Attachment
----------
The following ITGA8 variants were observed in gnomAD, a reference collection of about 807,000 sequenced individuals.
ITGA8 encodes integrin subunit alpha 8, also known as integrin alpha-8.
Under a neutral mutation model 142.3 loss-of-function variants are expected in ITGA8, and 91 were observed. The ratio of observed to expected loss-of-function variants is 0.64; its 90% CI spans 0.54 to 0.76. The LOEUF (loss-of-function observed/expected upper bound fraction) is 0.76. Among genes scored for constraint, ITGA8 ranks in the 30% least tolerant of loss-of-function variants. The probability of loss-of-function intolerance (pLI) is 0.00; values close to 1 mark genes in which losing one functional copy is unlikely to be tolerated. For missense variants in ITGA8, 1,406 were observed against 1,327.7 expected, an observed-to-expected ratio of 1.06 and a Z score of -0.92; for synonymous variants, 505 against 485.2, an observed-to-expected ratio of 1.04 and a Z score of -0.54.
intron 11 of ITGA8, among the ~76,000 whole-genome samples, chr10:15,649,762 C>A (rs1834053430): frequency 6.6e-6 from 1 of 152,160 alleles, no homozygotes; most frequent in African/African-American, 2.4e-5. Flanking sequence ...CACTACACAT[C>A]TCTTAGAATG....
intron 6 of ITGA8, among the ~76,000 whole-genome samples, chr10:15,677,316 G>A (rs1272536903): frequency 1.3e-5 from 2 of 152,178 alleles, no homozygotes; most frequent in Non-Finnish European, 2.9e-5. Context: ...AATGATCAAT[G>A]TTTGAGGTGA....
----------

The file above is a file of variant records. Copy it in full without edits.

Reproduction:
The following ITGA8 variants were observed in gnomAD, a reference collection of about 807,000 sequenced individuals.
ITGA8 encodes integrin subunit alpha 8, also known as integrin alpha-8.
Under a neutral mutation model 142.3 loss-of-function variants are expected in ITGA8, and 91 were observed. The ratio of observed to expected loss-of-function variants is 0.64; its 90% CI spans 0.54 to 0.76. The LOEUF (loss-of-function observed/expected upper bound fraction) is 0.76. Among genes scored for constraint, ITGA8 ranks in the 30% least tolerant of loss-of-function variants. The probability of loss-of-function intolerance (pLI) is 0.00; values close to 1 mark genes in which losing one functional copy is unlikely to be tolerated. For missense variants in ITGA8, 1,406 were observed against 1,327.7 expected, an observed-to-expected ratio of 1.06 and a Z score of -0.92; for synonymous variants, 505 against 485.2, an observed-to-expected ratio of 1.04 and a Z score of -0.54.
intron 11 of ITGA8, among the ~76,000 whole-genome samples, chr10:15,649,762 C>A (rs1834053430): frequency 6.6e-6 from 1 of 152,160 alleles, no homozygotes; most frequent in African/African-American, 2.4e-5. Flanking sequence ...CACTACACAT[C>A]TCTTAGAATG....
intron 6 of ITGA8, among the ~76,000 whole-genome samples, chr10:15,677,316 G>A (rs1272536903): frequency 1.3e-5 from 2 of 152,178 alleles, no homozygotes; most frequent in Non-Finnish European, 2.9e-5. Context: ...AATGATCAAT[G>A]TTTGAGGTGA....